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Travel General

Honeymoon in Purdah

An Iranian Journey

by (author) Alison Wearing

Knopf Canada
Initial publish date
Mar 2001
General, Women, Iran
  • Hardback

    Publish Date
    Nov 2000
    List Price
  • Paperback / softback

    Publish Date
    Mar 2001
    List Price

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To go beyond the legacy of revolution, religious fundamentalism and veiled women and find the real people of Iran, a young Canadian dons the cloak of Islam. The result of Alison Wearing's journey is a warm, funny and shocking collection of riveting portraits and stories about the generous, irrepressible people she met. With a novelist's love of language and eye for detail, she takes the reader into the homes and hearts of people whose spirit, intelligence and laughter enlighten and impress. Beautifully written, engaging, fascinating at every turn, Honeymoon in Purdah reveals an Iran rarely seen by Westerners and leads this exceptional bestselling young writer across new literary borders.

About the author

Contributor Notes

Alison Wearing is the recipient of a National Magazine Award Gold Medal and Western Canada Magazine Award 1st Prize, both for travel writing. She has worked and travelled throughout Europe, the Middle East, China, the former Soviet Union, and the Amazonian regions of Ecuador and Peru. Alison Wearing lives near Peterborough, Ontario.

Excerpt: Honeymoon in Purdah: An Iranian Journey (by (author) Alison Wearing)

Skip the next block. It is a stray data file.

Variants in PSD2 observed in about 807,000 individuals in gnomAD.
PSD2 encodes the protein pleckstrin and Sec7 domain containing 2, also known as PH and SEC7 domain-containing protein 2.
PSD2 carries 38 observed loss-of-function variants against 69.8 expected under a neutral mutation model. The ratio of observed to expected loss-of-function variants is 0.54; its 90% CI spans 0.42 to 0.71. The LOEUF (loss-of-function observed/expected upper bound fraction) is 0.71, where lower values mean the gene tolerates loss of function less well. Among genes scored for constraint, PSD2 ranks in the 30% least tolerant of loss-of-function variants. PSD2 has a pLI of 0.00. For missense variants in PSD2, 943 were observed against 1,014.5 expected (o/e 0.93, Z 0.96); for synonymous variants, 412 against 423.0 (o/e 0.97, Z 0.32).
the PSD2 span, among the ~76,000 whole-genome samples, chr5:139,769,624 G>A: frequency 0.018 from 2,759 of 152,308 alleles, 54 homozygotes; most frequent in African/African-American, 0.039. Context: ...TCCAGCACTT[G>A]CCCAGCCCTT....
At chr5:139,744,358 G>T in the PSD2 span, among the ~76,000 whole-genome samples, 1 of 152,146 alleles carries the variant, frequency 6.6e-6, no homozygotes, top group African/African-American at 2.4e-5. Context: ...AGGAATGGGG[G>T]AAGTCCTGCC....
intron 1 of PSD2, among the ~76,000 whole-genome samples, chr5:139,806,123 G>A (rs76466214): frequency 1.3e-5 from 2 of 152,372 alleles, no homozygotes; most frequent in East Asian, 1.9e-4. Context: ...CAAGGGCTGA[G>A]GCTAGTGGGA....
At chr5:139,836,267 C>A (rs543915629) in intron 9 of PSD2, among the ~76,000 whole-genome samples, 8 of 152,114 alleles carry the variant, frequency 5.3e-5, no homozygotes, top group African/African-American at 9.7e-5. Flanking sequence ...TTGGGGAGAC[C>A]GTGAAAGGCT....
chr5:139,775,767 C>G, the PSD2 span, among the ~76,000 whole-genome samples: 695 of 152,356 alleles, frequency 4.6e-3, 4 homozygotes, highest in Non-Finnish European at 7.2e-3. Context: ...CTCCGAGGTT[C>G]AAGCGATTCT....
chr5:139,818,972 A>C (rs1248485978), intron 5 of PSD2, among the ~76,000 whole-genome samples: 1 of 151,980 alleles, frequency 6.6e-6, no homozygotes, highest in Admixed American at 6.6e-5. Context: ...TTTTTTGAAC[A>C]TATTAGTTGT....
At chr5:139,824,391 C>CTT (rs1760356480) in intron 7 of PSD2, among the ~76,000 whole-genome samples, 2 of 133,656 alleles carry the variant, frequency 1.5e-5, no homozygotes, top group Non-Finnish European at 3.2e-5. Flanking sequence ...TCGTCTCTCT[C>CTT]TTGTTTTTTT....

On the main street, tin-box cars race along like go-karts. There are no traffic lights, therefore no pattern of movement, no lulls or rushes, only a steady stream of cars moving as fast as they can without crashing. As a result, there is no opportune time to cross. The only thing to do is swallow hard and make a run for it. And not expect oncoming cars to make allowances.

The reason we are so determined to cross is that I see colour, there--No, look: over there, no, there, in the window. Circles of bright orange, canary yellow, two shades of green, lurid pink with black spots.
Carrots. Carrots and grapefruits and oranges and watermelons and bananas, all piled up in the window into a fruit mosaic.

Behind the counter is a young boy, looks about ten, an orange press, a blender and a juicing machine. I sound out the words from the list on the wall and am so excited by the idea of a fresh juice, I projectile-salivate when I open my mouth to order. "Yek-" Oops, sorry. (Wipe.) "Yek livan ab portegal lotfan."

The boy blinks a hundred times as he is cutting oranges in half. Looks at us from the corner of one eye as he is pressing the fruit into juice, gives an embarrassed smile as he hands me the glass. A smile that grows as I swallow the contents in one long gulp.

I order another one each.

He looks at us face-on now, even as he is halving fruit with a knife the length of his forearm. He serves up two more pulpy juices and crosses his arms over his chest, proudly. We drink these just as quickly, replace the glasses and thank him. Move to pay.

The boy steps back. He tilts his head shyly and waves our money away.

Ian tries again with a different amount, but the boy tosses his head back in refusal, raises his hand to his heart and closes his eyes.

Ian and I exchange smiles of disbelief and put the money away. We thank the boy again and again. Each time, he nods and looks embarrassed. We thank him once more before leaving. The boy smiles and shrugs. We step back onto the street.
"That was generous!" Ian and I say in unison. "What a sweet boy! So gracious! I wonder if the whole country will be like this!" Ian checks his watch. "We should head back."